6. Good prospects for passage— Chances of changing redistricting are good, Sviggum said. On their re-election brochures legislators like to cite a couple of good government issues that they have supported.
7. Role of legislative caucuses in election campaigns— Sviggum said it was important for him, when serving as House speaker, to spend time recruiting candidates for the House, just as the majority leader did in the Senate. Moe agreed, saying that the legislative leadership sometimes has a better idea of the kind of legislator that a given district needs. Sometimes leadership at the local level might be inclined to choose someone who is more to the left or right of center, when a more moderate voice is needed.
A disadvantage of involvement of legislative caucuses in financing campaigns, Moe said, is that some legislators, surviving a race in which the opposing legislative caucus gave financial support to the opposing candidate, feel resentment toward the entire opposing legislative caucus. Such legislators then might seek retaliation against the opposing caucus, which does great harm to the idea of developing a legislative consensus, he said.
(At this point in the meeting, Sviggum had to leave for another engagement. V erne thanked him for visiting with the Civic Caucus today.)
8. Constitutional budgeting not a good idea- -Asked about a proposal to grant preferential treatment to outdoors, water and the arts via a constitutional amendment, Moe said he doesn't like the idea of constitutional budgeting.
9. Support for a presidential primary in Minnesota— In light of the heavily-attended precinct caucuses earlier this week, Moe said he would support having a presidential primary in the state, so people could be voting all day, not just during a couple hours after dinner. Perhaps such a primary could occur the same day as precinct caucuses, he said.
10. Changes in the method of endorsing candidates- -Moe said he is open to exploring various ways to make the endorsement-primary system more reflective of a majority of voters. Thus he's open to considering an open primary, or multiple endorsements for the same race, or Instant Runoff Voting (IRV).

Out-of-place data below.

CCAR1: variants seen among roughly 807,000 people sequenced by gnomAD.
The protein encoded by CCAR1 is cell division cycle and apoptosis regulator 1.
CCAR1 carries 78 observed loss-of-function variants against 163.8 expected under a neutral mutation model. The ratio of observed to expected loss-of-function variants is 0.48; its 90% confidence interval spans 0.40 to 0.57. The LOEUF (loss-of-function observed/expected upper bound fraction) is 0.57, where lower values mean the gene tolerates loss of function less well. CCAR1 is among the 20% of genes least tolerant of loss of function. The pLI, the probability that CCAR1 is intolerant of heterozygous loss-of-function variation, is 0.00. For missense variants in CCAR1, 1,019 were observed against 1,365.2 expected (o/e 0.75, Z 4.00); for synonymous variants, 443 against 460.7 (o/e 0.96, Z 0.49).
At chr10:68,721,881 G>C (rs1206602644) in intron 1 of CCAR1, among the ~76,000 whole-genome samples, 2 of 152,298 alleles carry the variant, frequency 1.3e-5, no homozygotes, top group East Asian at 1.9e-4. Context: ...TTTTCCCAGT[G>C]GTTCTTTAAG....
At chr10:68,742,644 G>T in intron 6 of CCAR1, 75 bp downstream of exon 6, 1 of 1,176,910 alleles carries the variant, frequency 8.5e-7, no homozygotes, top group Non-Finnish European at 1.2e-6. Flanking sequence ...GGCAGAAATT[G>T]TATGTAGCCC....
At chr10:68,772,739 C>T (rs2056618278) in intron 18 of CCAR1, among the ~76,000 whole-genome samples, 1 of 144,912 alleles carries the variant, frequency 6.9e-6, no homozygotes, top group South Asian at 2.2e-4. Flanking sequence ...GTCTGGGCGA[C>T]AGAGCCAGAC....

11. Improving decision-making on transportation— A member noted that the 2008 Legislature will place transportation funding high on its agenda. The member noted that how the Legislature has not fixed the system of setting priorities on transportation improvements among different jurisdictions and modes. Pretty much each gets its own separate revenue source, which make priority-setting more difficult.
Moe replied that he likes very much the concept of a Metropolitan Council, but that part of the problem has been that since Wendy Anderson governors haven't paid much attention to the Council.
Others noted that the Metropolitan Council is responsible only for a part of the state and—because of growth in outlying counties—only a part of the Minneapolis-St. Paul urban region.
The group discussed with Moe whether leaders in the Legislature today might be inclined to take on the issue of decision-making structure for transportation as well as the funding issue. They also discussed how the Governor and Legislature might reach consensus on transportation in this session.
12. Thanks— On behalf of the Civic Caucus, Verne thanked Moe for visiting with us today.
T he Civic Caucus is a non-partisan, tax-exempt educational organization. Core participants include persons of varying political persuasions, reflecting years of leadership in politics and business.
A working group meets face-to-face to provide leadership. They are Verne C. Johnson, chair; Lee Canning, Charles Clay, Bill Frenzel, Paul Gilje, Jim Hetland, John Mooty, Jim Olson, Wayne Popham and John Rollwagen.
Click Here to see a biographical statement of each.